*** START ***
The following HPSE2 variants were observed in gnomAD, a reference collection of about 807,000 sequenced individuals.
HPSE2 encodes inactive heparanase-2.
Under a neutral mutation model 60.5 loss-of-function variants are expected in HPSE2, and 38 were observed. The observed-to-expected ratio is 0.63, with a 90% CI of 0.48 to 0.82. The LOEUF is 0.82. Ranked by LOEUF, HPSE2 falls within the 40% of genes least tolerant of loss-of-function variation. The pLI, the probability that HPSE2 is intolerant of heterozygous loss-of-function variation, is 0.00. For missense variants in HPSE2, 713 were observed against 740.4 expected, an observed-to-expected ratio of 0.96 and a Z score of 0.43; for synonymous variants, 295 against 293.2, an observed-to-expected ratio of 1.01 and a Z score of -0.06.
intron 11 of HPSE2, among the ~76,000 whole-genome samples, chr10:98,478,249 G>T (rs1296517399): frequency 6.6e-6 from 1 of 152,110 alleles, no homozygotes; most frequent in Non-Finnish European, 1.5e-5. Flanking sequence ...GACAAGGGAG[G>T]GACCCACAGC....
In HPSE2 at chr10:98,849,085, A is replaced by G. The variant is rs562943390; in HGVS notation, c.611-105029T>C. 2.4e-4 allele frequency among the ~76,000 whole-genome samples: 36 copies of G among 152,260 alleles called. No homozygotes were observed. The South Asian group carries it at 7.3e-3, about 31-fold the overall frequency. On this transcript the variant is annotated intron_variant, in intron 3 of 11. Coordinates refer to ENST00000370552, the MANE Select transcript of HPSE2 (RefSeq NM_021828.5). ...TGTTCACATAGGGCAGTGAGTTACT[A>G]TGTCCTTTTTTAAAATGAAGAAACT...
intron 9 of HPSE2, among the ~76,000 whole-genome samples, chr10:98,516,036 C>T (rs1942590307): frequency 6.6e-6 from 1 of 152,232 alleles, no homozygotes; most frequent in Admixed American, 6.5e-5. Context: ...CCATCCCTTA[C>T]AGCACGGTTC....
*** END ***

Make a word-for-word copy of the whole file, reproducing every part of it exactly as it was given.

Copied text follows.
The following HPSE2 variants were observed in gnomAD, a reference collection of about 807,000 sequenced individuals.
HPSE2 encodes inactive heparanase-2.
Under a neutral mutation model 60.5 loss-of-function variants are expected in HPSE2, and 38 were observed. The observed-to-expected ratio is 0.63, with a 90% CI of 0.48 to 0.82. The LOEUF is 0.82. Ranked by LOEUF, HPSE2 falls within the 40% of genes least tolerant of loss-of-function variation. The pLI, the probability that HPSE2 is intolerant of heterozygous loss-of-function variation, is 0.00. For missense variants in HPSE2, 713 were observed against 740.4 expected, an observed-to-expected ratio of 0.96 and a Z score of 0.43; for synonymous variants, 295 against 293.2, an observed-to-expected ratio of 1.01 and a Z score of -0.06.
intron 11 of HPSE2, among the ~76,000 whole-genome samples, chr10:98,478,249 G>T (rs1296517399): frequency 6.6e-6 from 1 of 152,110 alleles, no homozygotes; most frequent in Non-Finnish European, 1.5e-5. Flanking sequence ...GACAAGGGAG[G>T]GACCCACAGC....
In HPSE2 at chr10:98,849,085, A is replaced by G. The variant is rs562943390; in HGVS notation, c.611-105029T>C. 2.4e-4 allele frequency among the ~76,000 whole-genome samples: 36 copies of G among 152,260 alleles called. No homozygotes were observed. The South Asian group carries it at 7.3e-3, about 31-fold the overall frequency. On this transcript the variant is annotated intron_variant, in intron 3 of 11. Coordinates refer to ENST00000370552, the MANE Select transcript of HPSE2 (RefSeq NM_021828.5). ...TGTTCACATAGGGCAGTGAGTTACT[A>G]TGTCCTTTTTTAAAATGAAGAAACT...
intron 9 of HPSE2, among the ~76,000 whole-genome samples, chr10:98,516,036 C>T (rs1942590307): frequency 6.6e-6 from 1 of 152,232 alleles, no homozygotes; most frequent in Admixed American, 6.5e-5. Context: ...CCATCCCTTA[C>T]AGCACGGTTC....